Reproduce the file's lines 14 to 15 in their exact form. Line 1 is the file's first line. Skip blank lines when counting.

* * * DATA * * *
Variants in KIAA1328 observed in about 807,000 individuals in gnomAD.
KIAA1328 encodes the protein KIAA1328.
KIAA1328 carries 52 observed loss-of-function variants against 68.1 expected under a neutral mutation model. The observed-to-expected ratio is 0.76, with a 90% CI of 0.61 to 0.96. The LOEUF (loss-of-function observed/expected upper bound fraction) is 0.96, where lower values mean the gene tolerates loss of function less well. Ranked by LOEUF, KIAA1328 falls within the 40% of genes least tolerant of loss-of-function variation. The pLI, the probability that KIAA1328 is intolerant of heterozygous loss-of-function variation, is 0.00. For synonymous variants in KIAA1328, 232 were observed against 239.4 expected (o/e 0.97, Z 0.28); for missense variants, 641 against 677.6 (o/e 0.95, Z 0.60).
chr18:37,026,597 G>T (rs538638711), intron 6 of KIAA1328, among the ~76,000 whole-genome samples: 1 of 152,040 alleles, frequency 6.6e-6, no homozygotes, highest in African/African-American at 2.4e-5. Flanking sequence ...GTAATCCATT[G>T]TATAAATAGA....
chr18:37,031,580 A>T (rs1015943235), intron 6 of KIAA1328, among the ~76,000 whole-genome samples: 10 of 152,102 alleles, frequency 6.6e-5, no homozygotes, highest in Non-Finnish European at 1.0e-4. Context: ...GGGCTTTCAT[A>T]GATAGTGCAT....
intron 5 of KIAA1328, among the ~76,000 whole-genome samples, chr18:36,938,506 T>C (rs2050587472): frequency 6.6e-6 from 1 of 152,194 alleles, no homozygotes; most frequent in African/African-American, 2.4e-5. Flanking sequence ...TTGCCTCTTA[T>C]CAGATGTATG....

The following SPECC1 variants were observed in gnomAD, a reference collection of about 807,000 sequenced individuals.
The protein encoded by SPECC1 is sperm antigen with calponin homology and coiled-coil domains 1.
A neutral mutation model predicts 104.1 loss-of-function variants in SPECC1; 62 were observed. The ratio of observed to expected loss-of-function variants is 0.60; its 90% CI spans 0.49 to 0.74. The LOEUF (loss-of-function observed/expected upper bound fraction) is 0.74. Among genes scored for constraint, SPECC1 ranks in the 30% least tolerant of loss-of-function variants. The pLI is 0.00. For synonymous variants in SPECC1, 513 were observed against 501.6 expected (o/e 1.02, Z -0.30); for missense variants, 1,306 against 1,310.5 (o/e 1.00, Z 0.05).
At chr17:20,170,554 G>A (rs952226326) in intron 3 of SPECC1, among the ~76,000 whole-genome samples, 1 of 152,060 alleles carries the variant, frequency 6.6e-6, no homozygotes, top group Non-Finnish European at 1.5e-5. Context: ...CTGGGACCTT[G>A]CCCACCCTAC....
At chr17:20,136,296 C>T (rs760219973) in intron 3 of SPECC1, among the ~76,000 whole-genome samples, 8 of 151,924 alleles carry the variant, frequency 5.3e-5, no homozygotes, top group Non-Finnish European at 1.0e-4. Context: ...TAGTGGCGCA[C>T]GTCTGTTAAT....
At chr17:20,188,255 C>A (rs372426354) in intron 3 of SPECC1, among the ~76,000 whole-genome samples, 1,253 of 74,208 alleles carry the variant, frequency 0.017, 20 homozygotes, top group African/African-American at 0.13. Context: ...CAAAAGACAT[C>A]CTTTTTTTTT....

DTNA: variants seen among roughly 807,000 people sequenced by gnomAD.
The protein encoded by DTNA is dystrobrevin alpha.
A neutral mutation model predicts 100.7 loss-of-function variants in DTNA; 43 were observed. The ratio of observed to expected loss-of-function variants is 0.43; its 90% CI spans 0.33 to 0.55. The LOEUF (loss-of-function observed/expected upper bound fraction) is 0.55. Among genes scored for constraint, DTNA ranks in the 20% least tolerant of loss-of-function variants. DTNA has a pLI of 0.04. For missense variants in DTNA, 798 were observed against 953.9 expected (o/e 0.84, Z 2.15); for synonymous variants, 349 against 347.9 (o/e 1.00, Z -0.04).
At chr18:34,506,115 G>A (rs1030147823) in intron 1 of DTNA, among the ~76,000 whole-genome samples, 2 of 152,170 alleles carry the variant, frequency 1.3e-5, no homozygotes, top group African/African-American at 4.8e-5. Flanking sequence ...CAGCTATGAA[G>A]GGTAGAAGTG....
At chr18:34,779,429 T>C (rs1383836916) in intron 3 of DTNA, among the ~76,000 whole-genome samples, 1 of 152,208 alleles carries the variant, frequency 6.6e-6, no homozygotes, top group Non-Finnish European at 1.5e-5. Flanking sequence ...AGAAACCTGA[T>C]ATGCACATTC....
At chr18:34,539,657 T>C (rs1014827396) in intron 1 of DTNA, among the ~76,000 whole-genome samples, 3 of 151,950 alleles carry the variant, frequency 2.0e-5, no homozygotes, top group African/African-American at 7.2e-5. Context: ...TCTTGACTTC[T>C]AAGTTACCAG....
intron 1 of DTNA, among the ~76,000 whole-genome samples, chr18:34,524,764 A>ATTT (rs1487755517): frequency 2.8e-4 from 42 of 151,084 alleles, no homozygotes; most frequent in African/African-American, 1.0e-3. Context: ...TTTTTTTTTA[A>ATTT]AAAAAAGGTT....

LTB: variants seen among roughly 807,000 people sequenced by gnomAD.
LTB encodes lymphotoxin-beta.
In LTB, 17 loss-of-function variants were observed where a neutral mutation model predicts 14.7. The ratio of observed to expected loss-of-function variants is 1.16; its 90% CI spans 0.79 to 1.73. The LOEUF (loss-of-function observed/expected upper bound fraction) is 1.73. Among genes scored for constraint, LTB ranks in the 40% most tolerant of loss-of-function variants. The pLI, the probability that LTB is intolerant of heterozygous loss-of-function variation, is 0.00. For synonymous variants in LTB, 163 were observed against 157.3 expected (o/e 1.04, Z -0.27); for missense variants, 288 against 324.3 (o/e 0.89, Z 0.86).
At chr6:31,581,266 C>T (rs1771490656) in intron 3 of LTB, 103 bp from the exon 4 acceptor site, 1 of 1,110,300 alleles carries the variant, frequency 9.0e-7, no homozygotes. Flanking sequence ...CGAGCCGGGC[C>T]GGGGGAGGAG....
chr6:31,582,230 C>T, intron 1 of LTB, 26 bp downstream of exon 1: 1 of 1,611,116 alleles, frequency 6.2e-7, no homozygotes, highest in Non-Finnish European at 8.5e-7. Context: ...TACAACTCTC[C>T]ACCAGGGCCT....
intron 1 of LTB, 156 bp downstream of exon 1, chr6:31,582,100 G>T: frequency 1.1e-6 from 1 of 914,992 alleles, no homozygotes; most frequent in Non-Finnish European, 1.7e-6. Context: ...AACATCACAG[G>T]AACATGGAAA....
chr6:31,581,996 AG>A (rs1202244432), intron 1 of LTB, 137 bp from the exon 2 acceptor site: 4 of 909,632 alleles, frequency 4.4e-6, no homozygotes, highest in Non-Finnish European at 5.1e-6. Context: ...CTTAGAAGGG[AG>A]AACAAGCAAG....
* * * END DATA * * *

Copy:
The protein encoded by DTNA is dystrobrevin alpha.
A neutral mutation model predicts 100.7 loss-of-function variants in DTNA; 43 were observed. The ratio of observed to expected loss-of-function variants is 0.43; its 90% CI spans 0.33 to 0.55. The LOEUF (loss-of-function observed/expected upper bound fraction) is 0.55. Among genes scored for constraint, DTNA ranks in the 20% least tolerant of loss-of-function variants. DTNA has a pLI of 0.04. For missense variants in DTNA, 798 were observed against 953.9 expected (o/e 0.84, Z 2.15); for synonymous variants, 349 against 347.9 (o/e 1.00, Z -0.04).